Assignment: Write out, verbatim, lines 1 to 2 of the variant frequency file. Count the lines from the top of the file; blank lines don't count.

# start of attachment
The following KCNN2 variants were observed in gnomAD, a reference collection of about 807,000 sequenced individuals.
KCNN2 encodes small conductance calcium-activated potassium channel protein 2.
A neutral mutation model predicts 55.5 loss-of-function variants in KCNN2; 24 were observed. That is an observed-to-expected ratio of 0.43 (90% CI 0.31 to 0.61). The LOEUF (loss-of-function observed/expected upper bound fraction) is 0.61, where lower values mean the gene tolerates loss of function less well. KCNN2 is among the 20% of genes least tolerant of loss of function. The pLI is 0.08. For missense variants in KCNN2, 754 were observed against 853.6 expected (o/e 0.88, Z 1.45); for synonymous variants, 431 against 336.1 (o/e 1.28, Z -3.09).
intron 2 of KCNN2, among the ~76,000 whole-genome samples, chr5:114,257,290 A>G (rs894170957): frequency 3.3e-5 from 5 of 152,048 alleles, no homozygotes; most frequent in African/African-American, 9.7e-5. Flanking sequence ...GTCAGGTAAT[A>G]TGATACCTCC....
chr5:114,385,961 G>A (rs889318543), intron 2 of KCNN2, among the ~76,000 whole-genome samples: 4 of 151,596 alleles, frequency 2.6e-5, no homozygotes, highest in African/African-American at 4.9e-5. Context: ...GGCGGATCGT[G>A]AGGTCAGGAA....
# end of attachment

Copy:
The following KCNN2 variants were observed in gnomAD, a reference collection of about 807,000 sequenced individuals.
KCNN2 encodes small conductance calcium-activated potassium channel protein 2.